The global fair trade market – in which goods and services are traded under the Fairtrade logo, guaranteeing a minimum fair price to producers experienced unprecedented growth in 2006. In the UK alone, 2006 sales totalled £290 million – a jump of 46 percent from 2005. The Fairtrade Foundation predicts sales will reach UK £300 million in 2007.
In 2005 Fairtrade sales were € 1.1 billion in the brand’s main markets of Switzerland, the UK, New Zealand, Australia and the US. At present fair trade works with 5 million farmers in the global South, and it represents an ever-increasing opportunity for Southern entrepreneurs.
A tipping point has been reached in Western awareness of and demand for the Fairtrade brand and concept, and it is now being adopted by major supermarkets. In the UK, 62 percent of consumers know the logo and understand what it means.
The concept of fair trade began in the Netherlands in 1988, when the Max Havelaar Foundation launched the Fairtrade consumer label with coffee from Mexico. Unlike conventional businesses, where the price paid to a producer is what the market dictates, fair trade guarantees the producer a minimum price for their product. This amount is set at a level that ensures the producer can live a life with dignity and meet all the essentials. A portion of the profits is also kept in a communal fund which the producers democratically elect to spend as they wish (many choose to spend it on community projects).
Fair trade has been criticized for a number of reasons. It has been seen as too small and marginal to really make inroads on poverty, and has been accused of privileging a small number of producers while ignoring the rest. It has also been criticized for not focusing enough on innovation and increasing production to really eradicate poverty in the developing world.
For all its faults and shortcomings, it is a fact that the Fairtrade brand is a runaway success and offers a wide range of opportunities for entrepreneurs.
In the UK, fair trade now includes 2,500 products, ranging from footballs, to tea, cotton and honey – up from just 150 in 2003, an astonishing rate of growth. Where fair-trade products were once confined to co-operative and charity shops, they are now widely sold in major supermarkets.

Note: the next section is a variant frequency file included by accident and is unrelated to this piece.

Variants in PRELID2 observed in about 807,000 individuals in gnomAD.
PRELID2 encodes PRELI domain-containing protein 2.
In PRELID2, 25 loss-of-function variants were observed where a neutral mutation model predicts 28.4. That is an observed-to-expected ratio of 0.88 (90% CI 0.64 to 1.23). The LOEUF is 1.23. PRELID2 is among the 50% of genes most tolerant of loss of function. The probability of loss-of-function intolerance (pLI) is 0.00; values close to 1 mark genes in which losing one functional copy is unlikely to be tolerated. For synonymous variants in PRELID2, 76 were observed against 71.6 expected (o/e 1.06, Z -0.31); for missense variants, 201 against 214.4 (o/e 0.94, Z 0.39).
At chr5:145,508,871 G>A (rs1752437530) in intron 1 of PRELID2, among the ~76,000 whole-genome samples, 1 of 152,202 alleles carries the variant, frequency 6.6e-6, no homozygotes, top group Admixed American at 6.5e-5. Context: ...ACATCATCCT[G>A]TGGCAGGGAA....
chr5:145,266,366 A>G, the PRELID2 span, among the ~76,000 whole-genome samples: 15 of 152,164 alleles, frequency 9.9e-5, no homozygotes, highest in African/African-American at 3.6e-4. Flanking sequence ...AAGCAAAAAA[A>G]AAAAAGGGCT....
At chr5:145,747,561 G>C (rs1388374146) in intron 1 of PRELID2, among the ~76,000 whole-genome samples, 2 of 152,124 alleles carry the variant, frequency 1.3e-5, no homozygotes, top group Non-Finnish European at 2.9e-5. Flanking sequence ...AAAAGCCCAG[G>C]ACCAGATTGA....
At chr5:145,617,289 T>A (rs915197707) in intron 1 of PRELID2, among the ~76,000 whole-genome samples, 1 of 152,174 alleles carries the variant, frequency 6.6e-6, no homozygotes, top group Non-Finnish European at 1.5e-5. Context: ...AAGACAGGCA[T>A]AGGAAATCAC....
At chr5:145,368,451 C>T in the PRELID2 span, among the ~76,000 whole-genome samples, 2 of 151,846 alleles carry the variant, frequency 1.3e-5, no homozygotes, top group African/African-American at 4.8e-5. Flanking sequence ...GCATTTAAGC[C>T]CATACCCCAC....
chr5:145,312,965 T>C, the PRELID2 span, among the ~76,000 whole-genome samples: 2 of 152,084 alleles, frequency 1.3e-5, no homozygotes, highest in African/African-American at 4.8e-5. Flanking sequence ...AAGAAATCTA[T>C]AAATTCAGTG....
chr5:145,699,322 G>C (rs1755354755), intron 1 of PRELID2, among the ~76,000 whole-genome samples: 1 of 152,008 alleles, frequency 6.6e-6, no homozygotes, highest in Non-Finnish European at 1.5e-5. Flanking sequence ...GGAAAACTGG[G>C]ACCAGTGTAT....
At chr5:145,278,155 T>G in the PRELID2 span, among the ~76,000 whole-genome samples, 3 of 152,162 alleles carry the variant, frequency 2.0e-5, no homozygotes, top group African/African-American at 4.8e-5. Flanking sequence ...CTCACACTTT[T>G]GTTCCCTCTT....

The success of fair trade is not confined to Europe and the US. It is growing in Japan, where, says fair trade retailer Sonoko Iwasa, “the concept of using trade to equalize the world by buying goods from developing countries from Asia and Africa was a notion that had no connection with everyday lives.”
Iwasa’s Rumaba Goods store just outside Tokyo sells organic chocolates from Africa, woollen gloves and hats from Nepal, and elegant clothes from Thailand. Iwasa found that the key in the highly competitive Japanese consumer market was to focus on quality, not fairness. This, she says, has made these products fashionable.
At present, the fair trade market is worth only about US $6 to $7 million a year in Japan and includes 1,500 products. But according to Michiko Ono of Japan’s best-known fair trade label, People Tree, the trend is catching on among the country’s socially aware youth.
To start a fair trade business, entrepreneurs or producers need first to contact the international body that certifies fair trade products and ensure that production meets the ethical standards required.
Published: January 2007
- The Fairtrade Foundation: Established in 1992, is a coalition of UK charities and is a member of the Fairtrade Labelling Organisations International. It sets the standards for fair trade and protects the trademark and copyright.
- The Authentic Business Network promotes doing business with a charitable purpose as well as profit. The website contains all the resources a budding entrepreneur requires to get started.
- DATA: Founded by lead singer Bono of the rock group U2, DATA tries to partner businesses to increase trade opportunities with Africa.
- The world’s largest online fair trade store is : Fairtrade UK
- Oxfam: The UK-based charity has been a pioneer in fair trade and has extensive resources on how to get involved in fair trade and a shop vending fair trade products.
- Ten Thousand Villages: An online fair trade shop selling handicrafts from around the world.
- Agbanga Karite: A Togo-based African-owned online retailer selling products made from unrefined shea butter, including soaps, creams and oils.
- Ananse Village: A fair trade online shop vending a wide range of crafts and products from Africa’s villages.
- Two sides of the fair trade story in film: Black Gold: Wake Up and Smell the Coffee and Bitter Aftertaste: A critical film about fair trade.
Development Challenges, South-South Solutions was launched as an e-newsletter in 2006 by UNDP’s South-South Cooperation Unit (now the United Nations Office for South-South Cooperation) based in New York, USA. It led on profiling the rise of the global South as an economic powerhouse and was one of the first regular publications to champion the global South’s innovators, entrepreneurs, and pioneers. It tracked the key trends that are now so profoundly reshaping how development is seen and done. This includes the rapid take-up of mobile phones and information technology in the global South (as profiled in the first issue of magazine Southern Innovator), the move to becoming a majority urban world, a growing global innovator culture, and the plethora of solutions being developed in the global South to tackle its problems and improve living conditions and boost human development. The success of the e-newsletter led to the launch of the magazine Southern Innovator.
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